Rookie inside the ropes: 9 takeaways from my first day on the Tour beat

August 25, 2017

Being from Massachusetts, my Tour spectating experience up to this point had been restricted to screaming Mich Ultra-inspired encouragement to Keegan Bradley at the Travelers and the Deutsche Bank. Needless to say, I was excited and a little nervous now that it was time to dive into the mix as a golf journalist. Here’s what I learned on my first day inside the ropes.

1. I definitely wasn’t the only rookie out there.

The tournament’s proximity to New York City meant there were some other new media members on the scene, too. I was following the Spieth-Thomas-Matsuyama group when a photographer nudged me:

“Hey man, is this their last hole?”

“No—it’s their tenth.”

“Oh, okay. So they have four more?”

Nailed it.

2. It took me less than an hour to lose my journalistic integrity.

It all happened so quickly: Vaughn Taylor’s wife, Leot, offered me a Chik-fil-a sandwich walking down the fourth hole. We were nowhere near the media tent at this point, and I was hungry. If you’re looking for Vaughn Taylor hit pieces, bad news for you! Not gonna see a single mean word coming from this keyboard.

3. It makes sense that Justin Thomas and Jordan Spieth are so tight.

Because they really freaking look alike. People usually look much more distinctive in person; the TV screen flattens out peculiarities. But these two have the exact same size, shape, skin tone, and style—it’s remarkable. Both seem like they could have a future in the game, too. Promising.

4. Hideki Matsuyama can totally speak English.

Either that, or Spieth has been making BIG strides in his Japanese. It was a chummy group, and I noticed more than once that Hideki and Jordan walked down the fairway together, chatting animatedly the entire time. Hideki has always used a translator, which means he has stayed rather, uh, private—last week he revealed, for the first time, that he’s been married for nearly nine months and they now have a child (though we still don’t know his wife’s name). The No. 2 player in the world may just really hate us media types.

5. Speaking of Hideki, the mid-swing pause is real, and man, is it terrible.

I haven’t excitedly stared directly at something and then immediately regretted it so much since I mean-mugged Monday’s eclipse. I like the guy, and I was pumped to see the stop at the top in person—instead, through some violation of my natural biorhythms, it left me an anxious wreck. It’s an affront to nature. He’s a human buffering bar. I was thoroughly rattled.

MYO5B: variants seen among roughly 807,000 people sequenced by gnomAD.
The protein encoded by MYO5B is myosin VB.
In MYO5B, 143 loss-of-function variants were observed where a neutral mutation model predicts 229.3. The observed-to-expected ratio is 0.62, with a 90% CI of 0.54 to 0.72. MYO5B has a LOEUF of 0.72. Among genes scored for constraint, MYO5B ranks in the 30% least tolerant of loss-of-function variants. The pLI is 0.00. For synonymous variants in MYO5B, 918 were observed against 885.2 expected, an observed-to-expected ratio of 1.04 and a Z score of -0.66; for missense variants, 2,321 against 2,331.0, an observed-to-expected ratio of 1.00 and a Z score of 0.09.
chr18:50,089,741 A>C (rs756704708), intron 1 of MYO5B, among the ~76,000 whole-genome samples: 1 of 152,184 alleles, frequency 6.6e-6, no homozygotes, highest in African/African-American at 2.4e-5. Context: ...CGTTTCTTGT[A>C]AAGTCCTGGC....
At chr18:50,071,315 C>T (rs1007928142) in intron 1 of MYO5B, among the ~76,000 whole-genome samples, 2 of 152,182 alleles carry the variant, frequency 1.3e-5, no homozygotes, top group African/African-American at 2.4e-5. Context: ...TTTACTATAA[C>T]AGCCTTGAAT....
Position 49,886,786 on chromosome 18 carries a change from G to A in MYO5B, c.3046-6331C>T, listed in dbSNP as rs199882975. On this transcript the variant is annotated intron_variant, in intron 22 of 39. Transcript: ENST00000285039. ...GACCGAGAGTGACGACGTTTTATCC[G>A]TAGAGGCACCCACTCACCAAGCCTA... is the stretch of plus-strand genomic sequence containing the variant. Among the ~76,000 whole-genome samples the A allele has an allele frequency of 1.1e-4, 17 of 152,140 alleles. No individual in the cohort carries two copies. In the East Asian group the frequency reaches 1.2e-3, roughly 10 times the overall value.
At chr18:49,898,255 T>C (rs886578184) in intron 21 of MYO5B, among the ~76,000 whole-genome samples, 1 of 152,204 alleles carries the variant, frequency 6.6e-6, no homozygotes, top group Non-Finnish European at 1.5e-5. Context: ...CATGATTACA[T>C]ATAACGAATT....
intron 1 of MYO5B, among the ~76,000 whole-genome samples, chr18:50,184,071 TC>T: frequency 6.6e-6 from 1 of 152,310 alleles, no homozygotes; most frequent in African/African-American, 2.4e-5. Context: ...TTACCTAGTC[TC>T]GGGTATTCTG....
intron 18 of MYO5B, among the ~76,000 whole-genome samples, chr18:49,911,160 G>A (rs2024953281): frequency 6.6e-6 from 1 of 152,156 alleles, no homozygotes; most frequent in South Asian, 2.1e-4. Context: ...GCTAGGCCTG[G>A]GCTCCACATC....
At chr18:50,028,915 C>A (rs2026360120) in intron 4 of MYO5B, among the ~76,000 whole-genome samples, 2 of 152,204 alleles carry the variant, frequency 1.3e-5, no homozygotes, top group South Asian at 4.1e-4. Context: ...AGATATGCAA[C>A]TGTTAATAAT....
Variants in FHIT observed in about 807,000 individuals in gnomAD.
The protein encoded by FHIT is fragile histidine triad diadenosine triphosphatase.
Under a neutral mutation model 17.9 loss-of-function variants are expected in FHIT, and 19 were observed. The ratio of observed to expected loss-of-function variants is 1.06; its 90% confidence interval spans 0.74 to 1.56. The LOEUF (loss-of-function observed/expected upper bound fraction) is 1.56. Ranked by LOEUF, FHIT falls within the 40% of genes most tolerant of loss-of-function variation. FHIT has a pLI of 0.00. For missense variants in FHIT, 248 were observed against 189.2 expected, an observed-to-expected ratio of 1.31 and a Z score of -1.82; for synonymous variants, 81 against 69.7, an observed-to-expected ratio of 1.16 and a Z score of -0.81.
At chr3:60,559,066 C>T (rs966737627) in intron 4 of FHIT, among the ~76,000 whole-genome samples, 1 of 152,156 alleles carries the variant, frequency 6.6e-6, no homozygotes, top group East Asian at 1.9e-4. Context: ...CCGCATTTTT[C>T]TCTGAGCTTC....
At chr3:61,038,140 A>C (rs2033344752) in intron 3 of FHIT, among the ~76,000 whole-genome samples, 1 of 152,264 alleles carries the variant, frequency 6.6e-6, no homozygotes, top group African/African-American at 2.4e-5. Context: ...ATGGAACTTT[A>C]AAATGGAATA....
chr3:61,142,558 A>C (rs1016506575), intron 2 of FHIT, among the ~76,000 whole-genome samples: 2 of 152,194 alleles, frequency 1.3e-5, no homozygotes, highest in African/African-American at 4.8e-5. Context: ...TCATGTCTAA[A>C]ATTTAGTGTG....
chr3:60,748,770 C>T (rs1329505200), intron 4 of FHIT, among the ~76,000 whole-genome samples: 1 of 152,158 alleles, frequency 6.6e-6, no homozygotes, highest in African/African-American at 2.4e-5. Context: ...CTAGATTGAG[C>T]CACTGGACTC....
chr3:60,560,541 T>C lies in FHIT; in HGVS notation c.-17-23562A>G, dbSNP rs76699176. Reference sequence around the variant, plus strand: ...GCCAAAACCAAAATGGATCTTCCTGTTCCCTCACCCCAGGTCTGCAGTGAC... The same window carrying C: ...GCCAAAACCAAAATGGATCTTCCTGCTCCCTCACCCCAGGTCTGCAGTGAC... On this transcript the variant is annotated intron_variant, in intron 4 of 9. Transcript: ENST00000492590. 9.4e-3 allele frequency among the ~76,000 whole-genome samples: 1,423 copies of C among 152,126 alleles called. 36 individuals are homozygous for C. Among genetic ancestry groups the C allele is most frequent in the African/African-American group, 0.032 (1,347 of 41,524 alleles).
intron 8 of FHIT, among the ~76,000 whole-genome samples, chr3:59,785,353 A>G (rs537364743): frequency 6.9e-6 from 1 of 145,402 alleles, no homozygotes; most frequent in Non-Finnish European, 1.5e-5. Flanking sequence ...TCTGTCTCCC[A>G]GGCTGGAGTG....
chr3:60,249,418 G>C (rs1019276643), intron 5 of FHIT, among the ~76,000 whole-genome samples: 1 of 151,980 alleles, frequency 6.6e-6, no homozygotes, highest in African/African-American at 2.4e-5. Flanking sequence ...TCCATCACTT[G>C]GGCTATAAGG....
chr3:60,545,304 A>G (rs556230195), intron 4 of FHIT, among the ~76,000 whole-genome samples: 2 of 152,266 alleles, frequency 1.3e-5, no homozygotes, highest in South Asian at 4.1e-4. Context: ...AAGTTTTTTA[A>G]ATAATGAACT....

6. These guys actually are pretty good.

Yeah, I guess this sounds like the Tour ad, but like, these guys can really golf the ball. Glen Oaks’ rough is lethal, the course plays long, the greens are slippery, and nearly half the field shot even par or better anyway. With that said, I got most excited when I heard Justin Thomas yell “fore right!” after a power-block off the third tee. Organic, relatable, pure.

7. You can guess a golfer’s age by the tightness of his trousers.

The skinnies favored by young guns like Ollie Schniederjans, Patrick Rodgers, and even Brooks Koepka make Phil, Pat Perez, and J.J. Henry look like they’re wearing clown pants. Phil had some particularly baggy navy pinstripers on in Round one—I think he would’ve taken flight in a strong gust.

8. Access is addicting.

Ohh, baby. At the Northern Trust, being “inside the ropes” literally meant that I could be one yard—no more—inside the ropes. Among the sparse Thursday morning crowds, this meant that my competitive advantage over Joe Golf Fan was literally one arm’s length. Never has so little power gone to someone’s head, but boy, did it ever! I would’ve chopped off a toe if it meant getting another yard. And the big media perks—free lunch? I get the wifi password? I can walk to the edge of the putting green? I get it now, you journalistic weirdos. I’m one of you.

9. Everyone was really, really nice.

Too nice, if you ask me. I had a great time talking with friendly players, smiley volunteers, relaxed caddies—where was the conflict? The most dramatic part of my day was when the writer I sat next to in the media center swiped my iPhone charger—could this be my first big media beef? I could feel my heart start to race.

Turns out, he did it by accident and apologized profusely. Disappointing! No enemies on day one. But if anyone has suggestions for the next time, I’d love to hear ‘em.